IDEAs Episode 121 – 3rd March 2023YIAGA’s Samson Itodo on the National Elections

IDEAs Episode 121 – 3rd March 2023

YIAGA’s Samson Itodo on the National Elections

Chukwudi Ezugwu introduced the programme by saying that IDEAs today would be looking at the everything to do with the last election, for which he greeted Ayo Obe in Yoruba, and looked forward to the coming elections on the 11th of March.

Ayo welcomed Samson Itodo, the Executive Director of YIAGA, to the programme and referred to YIAGA’s Press Statement on the 2023 Presidential elections.  She said that looking at the Report and the election, she wanted to distinguish between the actual voting process and the Integrity of that – because the ‘I’ in IDEAs is for Integrity, while the other side is Accountability (the ‘A’ in IDEAs).

She asked what the overall position was with regard to whether people could even vote at all.   Samson said that said that YIAGA deployed the Parallel Vote Tabulation with over 3,800 observers across 1,507 sampled polling units, and based on that methodology, they found that the BVAS was deployed in 98% of the Polling Units (PUs) that they covered, and that of the voters who turned up, 88% were accredited with the BVAS.  So the BVAS did function for accreditation.  However, there were about 8% of PUs where the BVAS malfunctioned.  In those cases the BVAS was fixed, and voting continued.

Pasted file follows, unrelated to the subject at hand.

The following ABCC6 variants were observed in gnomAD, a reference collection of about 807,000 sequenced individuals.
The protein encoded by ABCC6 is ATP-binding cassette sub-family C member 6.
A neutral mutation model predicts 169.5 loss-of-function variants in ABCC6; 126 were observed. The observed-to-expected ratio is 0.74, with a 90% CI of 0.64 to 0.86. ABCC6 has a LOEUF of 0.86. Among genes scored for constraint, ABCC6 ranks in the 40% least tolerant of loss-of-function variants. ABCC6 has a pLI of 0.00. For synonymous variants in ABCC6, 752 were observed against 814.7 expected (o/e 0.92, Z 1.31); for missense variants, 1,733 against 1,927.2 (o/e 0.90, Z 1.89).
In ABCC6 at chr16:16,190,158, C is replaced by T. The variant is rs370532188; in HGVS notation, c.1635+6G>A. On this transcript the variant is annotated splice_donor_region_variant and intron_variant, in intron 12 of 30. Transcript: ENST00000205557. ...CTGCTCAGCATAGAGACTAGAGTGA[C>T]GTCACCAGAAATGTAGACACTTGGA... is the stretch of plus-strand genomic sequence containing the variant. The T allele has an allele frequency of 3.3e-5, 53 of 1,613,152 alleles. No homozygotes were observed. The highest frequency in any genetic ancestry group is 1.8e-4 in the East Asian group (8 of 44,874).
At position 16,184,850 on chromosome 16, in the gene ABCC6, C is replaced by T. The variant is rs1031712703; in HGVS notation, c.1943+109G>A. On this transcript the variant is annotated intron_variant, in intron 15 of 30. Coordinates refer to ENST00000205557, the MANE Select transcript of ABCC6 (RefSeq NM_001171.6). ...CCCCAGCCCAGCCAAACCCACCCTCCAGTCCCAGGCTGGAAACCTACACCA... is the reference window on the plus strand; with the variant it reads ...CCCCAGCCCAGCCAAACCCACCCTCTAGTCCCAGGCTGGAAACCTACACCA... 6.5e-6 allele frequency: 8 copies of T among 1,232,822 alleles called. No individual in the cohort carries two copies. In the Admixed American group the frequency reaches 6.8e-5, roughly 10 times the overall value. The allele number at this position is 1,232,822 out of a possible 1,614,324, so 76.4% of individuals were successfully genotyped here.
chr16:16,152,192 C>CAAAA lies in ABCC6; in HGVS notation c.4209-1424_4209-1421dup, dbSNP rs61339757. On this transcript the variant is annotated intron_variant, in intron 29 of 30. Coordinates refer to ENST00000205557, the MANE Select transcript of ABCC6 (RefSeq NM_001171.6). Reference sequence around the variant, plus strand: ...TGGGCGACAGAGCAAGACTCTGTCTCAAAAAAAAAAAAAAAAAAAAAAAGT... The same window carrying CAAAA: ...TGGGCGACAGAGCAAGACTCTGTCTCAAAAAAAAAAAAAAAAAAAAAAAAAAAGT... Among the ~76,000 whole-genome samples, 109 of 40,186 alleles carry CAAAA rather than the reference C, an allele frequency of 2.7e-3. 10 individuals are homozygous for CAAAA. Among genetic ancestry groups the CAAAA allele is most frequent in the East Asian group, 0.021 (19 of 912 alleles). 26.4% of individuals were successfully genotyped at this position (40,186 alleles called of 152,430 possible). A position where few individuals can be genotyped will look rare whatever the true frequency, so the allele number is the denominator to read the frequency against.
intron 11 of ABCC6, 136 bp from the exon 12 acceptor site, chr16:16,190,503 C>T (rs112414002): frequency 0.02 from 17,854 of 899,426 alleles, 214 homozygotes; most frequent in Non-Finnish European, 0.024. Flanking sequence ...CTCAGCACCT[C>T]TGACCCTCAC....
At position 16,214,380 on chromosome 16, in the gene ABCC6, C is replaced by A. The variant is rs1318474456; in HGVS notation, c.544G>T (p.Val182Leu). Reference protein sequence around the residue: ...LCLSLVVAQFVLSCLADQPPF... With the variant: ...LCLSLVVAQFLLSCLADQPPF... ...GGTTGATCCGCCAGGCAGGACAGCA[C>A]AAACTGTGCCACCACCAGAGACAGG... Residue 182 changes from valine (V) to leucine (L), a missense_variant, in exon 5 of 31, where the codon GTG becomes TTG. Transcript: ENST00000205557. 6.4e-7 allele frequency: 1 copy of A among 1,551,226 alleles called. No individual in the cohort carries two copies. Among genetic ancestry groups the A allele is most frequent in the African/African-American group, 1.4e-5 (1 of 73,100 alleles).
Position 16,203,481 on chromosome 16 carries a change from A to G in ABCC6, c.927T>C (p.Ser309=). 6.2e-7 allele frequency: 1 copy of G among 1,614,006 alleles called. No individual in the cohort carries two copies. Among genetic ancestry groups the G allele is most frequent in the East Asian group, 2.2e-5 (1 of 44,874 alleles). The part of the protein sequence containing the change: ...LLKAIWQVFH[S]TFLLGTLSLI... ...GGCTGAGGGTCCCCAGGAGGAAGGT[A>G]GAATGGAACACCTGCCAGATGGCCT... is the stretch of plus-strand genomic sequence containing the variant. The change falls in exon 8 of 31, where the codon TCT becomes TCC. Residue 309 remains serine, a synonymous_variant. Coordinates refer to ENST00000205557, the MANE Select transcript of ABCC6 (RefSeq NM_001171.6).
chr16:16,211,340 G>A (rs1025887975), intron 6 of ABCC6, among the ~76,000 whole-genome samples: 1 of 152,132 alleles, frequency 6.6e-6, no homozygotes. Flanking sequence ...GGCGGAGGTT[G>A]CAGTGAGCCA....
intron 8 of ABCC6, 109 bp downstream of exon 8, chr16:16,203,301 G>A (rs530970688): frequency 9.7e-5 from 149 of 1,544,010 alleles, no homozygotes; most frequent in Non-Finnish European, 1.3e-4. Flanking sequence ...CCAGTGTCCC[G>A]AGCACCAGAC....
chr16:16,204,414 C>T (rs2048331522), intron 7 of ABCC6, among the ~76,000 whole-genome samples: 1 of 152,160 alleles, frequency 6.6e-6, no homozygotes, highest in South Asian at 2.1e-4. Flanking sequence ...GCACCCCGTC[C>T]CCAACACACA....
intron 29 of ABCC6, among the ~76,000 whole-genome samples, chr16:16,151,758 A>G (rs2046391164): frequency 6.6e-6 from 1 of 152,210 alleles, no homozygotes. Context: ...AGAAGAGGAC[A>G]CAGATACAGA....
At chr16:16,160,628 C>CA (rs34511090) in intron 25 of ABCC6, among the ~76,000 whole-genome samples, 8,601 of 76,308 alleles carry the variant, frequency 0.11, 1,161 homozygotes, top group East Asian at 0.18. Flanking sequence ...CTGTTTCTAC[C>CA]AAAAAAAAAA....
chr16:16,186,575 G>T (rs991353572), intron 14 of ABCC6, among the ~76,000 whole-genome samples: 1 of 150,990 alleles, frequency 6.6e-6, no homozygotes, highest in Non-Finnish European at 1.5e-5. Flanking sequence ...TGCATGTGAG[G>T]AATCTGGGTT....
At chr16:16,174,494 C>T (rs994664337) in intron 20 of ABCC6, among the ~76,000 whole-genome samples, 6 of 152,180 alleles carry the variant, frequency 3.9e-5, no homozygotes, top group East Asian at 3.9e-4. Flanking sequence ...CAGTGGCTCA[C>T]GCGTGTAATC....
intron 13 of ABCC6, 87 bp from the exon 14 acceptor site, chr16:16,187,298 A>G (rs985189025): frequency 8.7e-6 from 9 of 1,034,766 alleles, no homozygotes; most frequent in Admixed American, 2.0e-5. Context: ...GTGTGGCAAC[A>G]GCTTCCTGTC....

Ayo then asked about election materials turning up late, and Samson said that this really affected the entire election because it led to long hours of voting, and in some cases, the voting continued the next day.  In his view, if there was a drawback in this election, it was the logistical challenge, which was widespread.  At 7.30 a.m. on Election Day, only 27% of PUs recorded early arrival.  That meant that some people were discouraged and left the polling unit although it was impossible to say how many people left because of this.  There were also shortages of election materials.  These logistics issues had not been addressed and this was a major disappointment in our electoral process.

Ayo said that she was lucky because her own PU was just outside her compound, and she could easily check if voting had started and go back to her house if it had not, but that her daughter’s PU was a 5 or 7 minute walk away, and it was not possible to come and go from such a PU.